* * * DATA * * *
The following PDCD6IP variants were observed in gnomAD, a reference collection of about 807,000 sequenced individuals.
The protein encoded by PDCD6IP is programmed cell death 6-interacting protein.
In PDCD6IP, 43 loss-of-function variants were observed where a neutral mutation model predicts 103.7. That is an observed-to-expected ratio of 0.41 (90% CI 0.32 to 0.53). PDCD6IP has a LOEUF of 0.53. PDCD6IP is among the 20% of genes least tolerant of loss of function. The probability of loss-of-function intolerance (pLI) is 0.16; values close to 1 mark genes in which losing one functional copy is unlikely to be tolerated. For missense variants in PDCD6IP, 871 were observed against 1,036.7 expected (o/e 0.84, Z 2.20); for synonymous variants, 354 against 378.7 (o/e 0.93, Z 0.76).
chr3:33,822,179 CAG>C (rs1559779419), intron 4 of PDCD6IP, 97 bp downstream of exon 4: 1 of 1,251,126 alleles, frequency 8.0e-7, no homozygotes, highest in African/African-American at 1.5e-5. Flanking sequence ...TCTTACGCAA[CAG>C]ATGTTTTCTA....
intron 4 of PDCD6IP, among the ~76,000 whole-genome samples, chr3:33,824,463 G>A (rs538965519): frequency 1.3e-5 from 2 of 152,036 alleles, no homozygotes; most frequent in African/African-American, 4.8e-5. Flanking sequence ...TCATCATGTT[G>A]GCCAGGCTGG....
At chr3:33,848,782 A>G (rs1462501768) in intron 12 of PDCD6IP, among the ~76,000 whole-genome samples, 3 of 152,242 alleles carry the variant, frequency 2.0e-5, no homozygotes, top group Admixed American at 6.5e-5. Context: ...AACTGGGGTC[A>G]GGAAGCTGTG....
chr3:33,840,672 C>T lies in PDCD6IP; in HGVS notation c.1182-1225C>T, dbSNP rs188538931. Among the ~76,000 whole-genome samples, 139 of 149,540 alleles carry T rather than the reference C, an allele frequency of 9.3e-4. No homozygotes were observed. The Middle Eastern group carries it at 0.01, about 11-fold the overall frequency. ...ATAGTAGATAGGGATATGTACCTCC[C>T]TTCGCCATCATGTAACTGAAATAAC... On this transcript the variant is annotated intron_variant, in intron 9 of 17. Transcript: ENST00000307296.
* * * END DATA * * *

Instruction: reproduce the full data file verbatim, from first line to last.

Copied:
The following PDCD6IP variants were observed in gnomAD, a reference collection of about 807,000 sequenced individuals.
The protein encoded by PDCD6IP is programmed cell death 6-interacting protein.
In PDCD6IP, 43 loss-of-function variants were observed where a neutral mutation model predicts 103.7. That is an observed-to-expected ratio of 0.41 (90% CI 0.32 to 0.53). PDCD6IP has a LOEUF of 0.53. PDCD6IP is among the 20% of genes least tolerant of loss of function. The probability of loss-of-function intolerance (pLI) is 0.16; values close to 1 mark genes in which losing one functional copy is unlikely to be tolerated. For missense variants in PDCD6IP, 871 were observed against 1,036.7 expected (o/e 0.84, Z 2.20); for synonymous variants, 354 against 378.7 (o/e 0.93, Z 0.76).
chr3:33,822,179 CAG>C (rs1559779419), intron 4 of PDCD6IP, 97 bp downstream of exon 4: 1 of 1,251,126 alleles, frequency 8.0e-7, no homozygotes, highest in African/African-American at 1.5e-5. Flanking sequence ...TCTTACGCAA[CAG>C]ATGTTTTCTA....
intron 4 of PDCD6IP, among the ~76,000 whole-genome samples, chr3:33,824,463 G>A (rs538965519): frequency 1.3e-5 from 2 of 152,036 alleles, no homozygotes; most frequent in African/African-American, 4.8e-5. Flanking sequence ...TCATCATGTT[G>A]GCCAGGCTGG....
At chr3:33,848,782 A>G (rs1462501768) in intron 12 of PDCD6IP, among the ~76,000 whole-genome samples, 3 of 152,242 alleles carry the variant, frequency 2.0e-5, no homozygotes, top group Admixed American at 6.5e-5. Context: ...AACTGGGGTC[A>G]GGAAGCTGTG....
chr3:33,840,672 C>T lies in PDCD6IP; in HGVS notation c.1182-1225C>T, dbSNP rs188538931. Among the ~76,000 whole-genome samples, 139 of 149,540 alleles carry T rather than the reference C, an allele frequency of 9.3e-4. No homozygotes were observed. The Middle Eastern group carries it at 0.01, about 11-fold the overall frequency. ...ATAGTAGATAGGGATATGTACCTCC[C>T]TTCGCCATCATGTAACTGAAATAAC... On this transcript the variant is annotated intron_variant, in intron 9 of 17. Transcript: ENST00000307296.